Are compostable alternatives to plastics all they’re cracked up to be? - Blog

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Thursday 29th March 2018

In the wake of Blue Planet 2 and the storm of negative media attention on plastics, we’re often asked for advice on procuring packaging. Here we make our position on compostable alternatives clear, so we can help you figure out if compostable packaging is the right choice for your business.

What is compostable packaging?

Compostable packaging is made from Polylactic Acid (PLA) which is a form of plastic made from plant materials, rather than oil. Whilst plants are obviously a more sustainable resource than oil, which we’re frequently told will run out in a matter of decades, it’s important to consider not just the early life of the products you use but the full journey, from cradle to grave.

Is compostable packaging more sustainable?

In short. It depends where you are in the country.

Certified compostable products (EN 13432) are only compostable under industrial composting conditions, which means they need to be heated to 70 degrees and regularly turned within an IVC (In-Vessel Composting) facility. In these conditions, 90% of the material comprising the packaging will convert to CO2 within 6 months.[i]

This sounds good, right? An end to the mounds of coffee cups and plastic cutlery shamefully filling our incinerators and landfill sites. But what if we told you that there are no IVC facilities available in and around London.

Most businesses using compostable packaging dispose of it in the same bin as their food waste. But for London, and for most of the UK, the usual and preferred method for dealing with food waste is via Anaerobic Digestion (AD). In fact, AD is the government’s preferred disposal method for food waste, with its superior carbon savings in processing food waste compared with IVC.

At the majority of AD plants there is a rigorous de-packaging stage where all packaging is pulled out regardless of whether it’s compostable or not (no machinery exists to distinguish the two). This is because AD plants must comply with very strict PAS10 regulations to control the quality of the fertiliser they produce. They can’t risk anything that isn’t food getting through into the digestion unit. Everything that is removed during this de-packing stage is packed off to an incinerator where it will be burnt to make energy.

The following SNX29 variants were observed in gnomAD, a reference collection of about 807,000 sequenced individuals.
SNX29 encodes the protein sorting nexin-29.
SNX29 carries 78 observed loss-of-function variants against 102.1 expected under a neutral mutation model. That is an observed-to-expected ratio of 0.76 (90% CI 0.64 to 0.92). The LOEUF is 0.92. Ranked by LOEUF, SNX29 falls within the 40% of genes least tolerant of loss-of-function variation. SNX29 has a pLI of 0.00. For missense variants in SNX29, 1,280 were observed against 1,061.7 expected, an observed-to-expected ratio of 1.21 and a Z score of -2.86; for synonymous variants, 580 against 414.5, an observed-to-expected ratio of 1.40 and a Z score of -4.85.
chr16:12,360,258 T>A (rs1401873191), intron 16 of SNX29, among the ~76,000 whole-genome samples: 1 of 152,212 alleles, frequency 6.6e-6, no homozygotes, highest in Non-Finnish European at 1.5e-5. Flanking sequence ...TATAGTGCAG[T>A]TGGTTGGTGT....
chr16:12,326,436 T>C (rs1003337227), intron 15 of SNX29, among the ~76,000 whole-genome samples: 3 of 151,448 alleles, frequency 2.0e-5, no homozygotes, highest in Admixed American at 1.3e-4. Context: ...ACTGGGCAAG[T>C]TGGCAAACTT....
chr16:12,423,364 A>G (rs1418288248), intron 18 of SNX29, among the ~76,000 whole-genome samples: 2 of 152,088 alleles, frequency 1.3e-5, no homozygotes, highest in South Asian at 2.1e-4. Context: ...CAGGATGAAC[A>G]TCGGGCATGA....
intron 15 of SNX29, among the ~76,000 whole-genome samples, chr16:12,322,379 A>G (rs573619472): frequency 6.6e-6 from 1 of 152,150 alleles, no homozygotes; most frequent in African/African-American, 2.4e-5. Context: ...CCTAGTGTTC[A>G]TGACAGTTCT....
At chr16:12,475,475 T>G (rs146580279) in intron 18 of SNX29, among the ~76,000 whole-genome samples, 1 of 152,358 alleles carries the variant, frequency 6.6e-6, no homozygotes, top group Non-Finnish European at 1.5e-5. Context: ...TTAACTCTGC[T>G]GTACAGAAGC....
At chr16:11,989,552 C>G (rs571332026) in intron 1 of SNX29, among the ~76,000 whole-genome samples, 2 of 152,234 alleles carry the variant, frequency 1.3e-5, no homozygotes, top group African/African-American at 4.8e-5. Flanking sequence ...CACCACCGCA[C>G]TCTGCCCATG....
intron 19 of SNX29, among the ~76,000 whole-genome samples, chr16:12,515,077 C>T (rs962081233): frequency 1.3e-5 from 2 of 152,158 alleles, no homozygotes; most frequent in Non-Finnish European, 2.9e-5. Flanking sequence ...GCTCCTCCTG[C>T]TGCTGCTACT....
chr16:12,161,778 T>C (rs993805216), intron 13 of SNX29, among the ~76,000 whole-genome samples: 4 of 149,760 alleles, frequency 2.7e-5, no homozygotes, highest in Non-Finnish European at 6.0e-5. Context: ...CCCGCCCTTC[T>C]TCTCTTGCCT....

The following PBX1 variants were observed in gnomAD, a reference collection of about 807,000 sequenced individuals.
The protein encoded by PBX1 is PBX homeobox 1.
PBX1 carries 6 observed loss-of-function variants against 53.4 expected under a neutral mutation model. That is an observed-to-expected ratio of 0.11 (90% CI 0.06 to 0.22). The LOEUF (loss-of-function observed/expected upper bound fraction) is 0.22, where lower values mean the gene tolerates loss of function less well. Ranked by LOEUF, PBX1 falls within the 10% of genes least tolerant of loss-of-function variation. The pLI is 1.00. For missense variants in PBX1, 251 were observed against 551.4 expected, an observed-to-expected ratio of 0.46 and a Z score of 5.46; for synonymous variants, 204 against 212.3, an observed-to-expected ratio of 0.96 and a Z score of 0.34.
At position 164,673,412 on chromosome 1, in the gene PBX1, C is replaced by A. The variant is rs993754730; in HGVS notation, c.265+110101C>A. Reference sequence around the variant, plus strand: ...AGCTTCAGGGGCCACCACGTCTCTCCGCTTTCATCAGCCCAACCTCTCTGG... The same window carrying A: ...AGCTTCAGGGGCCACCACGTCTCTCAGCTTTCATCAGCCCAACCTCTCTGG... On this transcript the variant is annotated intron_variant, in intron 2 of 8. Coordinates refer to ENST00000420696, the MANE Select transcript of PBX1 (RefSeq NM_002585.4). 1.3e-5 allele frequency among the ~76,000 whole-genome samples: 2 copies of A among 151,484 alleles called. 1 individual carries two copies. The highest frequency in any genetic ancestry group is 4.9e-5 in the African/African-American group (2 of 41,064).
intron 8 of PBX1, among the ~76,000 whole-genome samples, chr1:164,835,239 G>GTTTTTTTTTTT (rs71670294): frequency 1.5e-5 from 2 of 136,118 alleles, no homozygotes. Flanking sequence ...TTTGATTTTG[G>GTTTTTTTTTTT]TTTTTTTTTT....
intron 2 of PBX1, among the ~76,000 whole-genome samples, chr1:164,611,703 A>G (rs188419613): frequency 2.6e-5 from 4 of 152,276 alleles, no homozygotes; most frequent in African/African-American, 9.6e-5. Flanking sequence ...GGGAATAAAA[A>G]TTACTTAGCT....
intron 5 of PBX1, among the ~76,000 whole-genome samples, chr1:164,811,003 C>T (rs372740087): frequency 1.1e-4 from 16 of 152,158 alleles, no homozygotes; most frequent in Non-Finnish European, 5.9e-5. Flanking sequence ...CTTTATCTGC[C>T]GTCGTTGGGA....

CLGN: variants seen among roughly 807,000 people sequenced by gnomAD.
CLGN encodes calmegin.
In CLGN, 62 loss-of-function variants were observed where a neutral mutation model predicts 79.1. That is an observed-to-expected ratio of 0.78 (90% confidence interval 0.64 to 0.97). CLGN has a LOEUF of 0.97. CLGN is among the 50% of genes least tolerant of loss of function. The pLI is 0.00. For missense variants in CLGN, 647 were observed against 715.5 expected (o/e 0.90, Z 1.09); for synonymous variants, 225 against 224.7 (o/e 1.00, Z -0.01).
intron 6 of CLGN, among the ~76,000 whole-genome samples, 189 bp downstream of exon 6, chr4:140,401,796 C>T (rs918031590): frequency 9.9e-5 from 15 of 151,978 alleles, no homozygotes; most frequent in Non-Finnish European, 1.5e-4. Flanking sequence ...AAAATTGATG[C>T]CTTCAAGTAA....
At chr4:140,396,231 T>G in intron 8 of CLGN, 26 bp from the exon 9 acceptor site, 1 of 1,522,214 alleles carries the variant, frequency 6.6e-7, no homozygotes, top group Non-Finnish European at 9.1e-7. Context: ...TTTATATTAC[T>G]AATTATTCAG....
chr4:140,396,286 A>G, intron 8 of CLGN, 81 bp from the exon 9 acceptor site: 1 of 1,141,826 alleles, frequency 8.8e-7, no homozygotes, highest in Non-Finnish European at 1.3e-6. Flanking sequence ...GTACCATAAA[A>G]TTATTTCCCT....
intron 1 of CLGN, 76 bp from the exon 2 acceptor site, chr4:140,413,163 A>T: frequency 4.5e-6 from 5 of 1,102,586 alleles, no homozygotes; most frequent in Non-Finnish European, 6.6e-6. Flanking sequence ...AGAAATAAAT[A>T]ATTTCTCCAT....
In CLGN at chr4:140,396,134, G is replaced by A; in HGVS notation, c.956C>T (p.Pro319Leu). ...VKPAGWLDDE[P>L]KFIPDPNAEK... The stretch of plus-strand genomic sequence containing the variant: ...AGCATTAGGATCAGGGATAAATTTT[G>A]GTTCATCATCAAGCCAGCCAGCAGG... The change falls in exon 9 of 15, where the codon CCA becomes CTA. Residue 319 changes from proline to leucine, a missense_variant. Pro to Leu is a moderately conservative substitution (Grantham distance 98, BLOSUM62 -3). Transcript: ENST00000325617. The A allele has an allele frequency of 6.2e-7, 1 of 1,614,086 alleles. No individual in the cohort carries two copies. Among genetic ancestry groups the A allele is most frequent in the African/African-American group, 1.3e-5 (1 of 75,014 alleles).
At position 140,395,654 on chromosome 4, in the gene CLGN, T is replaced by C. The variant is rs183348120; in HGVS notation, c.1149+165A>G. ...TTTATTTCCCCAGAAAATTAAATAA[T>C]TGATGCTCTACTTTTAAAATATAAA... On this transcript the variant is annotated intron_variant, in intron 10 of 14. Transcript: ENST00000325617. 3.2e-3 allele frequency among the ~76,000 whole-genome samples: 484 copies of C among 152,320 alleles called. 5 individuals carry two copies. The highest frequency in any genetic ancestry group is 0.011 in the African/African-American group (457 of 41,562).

So, as things stand, in London, there is no benefit in putting compostable packaging in a food recycling bin.  In fact, here in the Capital, buying compostable alternatives to plastic is a false economy. A compostable coffee cup in your canteen or cafe might give the impression that you’re doing the right thing. But without a means to actually compost that cup, it’s a waste of money.

If compostable packaging doesn’t solve the plastic problem, then what does?

First and foremost, you should look at replacing single-use items with reusable ones. You could swap takeaway cups for mugs, offer a discount for bringing a reusable cup, or use metal cutlery instead of plastic.

Next up. Buy single-use products that can be recycled.

One of the major barriers to plastics recycling in the UK is that there are so many types on the market, and the plastics recycling industry is only set up to deal with those which are easy to recycle and predominant.  Talk to your suppliers and buy products that are made using readily recyclable plastics such as PET and HDPE. Avoid black plastics like the plague.

Make sure the disposable coffee cups you’re using can be recycled. Paper Round has developed a cup recycling scheme for non-compostable, paper takeaway cups, the virgin paper used to make these cups is turned into deluxe paper using the latest cup recycling technology.

We can accept coffee cups produced by all major retailers (Costa, Starbucks, Pret, etc). However, the following cups cannot be recycled:

  • Compostable cups. The lining in these cups breaks down which would damage the quality of the upcycled paper.
  • Cups with corrugated cardboard or outer walls made of brown paper. This is because corrugated card and brown paper are low-quality products that cannot be made into high quality paper.



Harriet Hird

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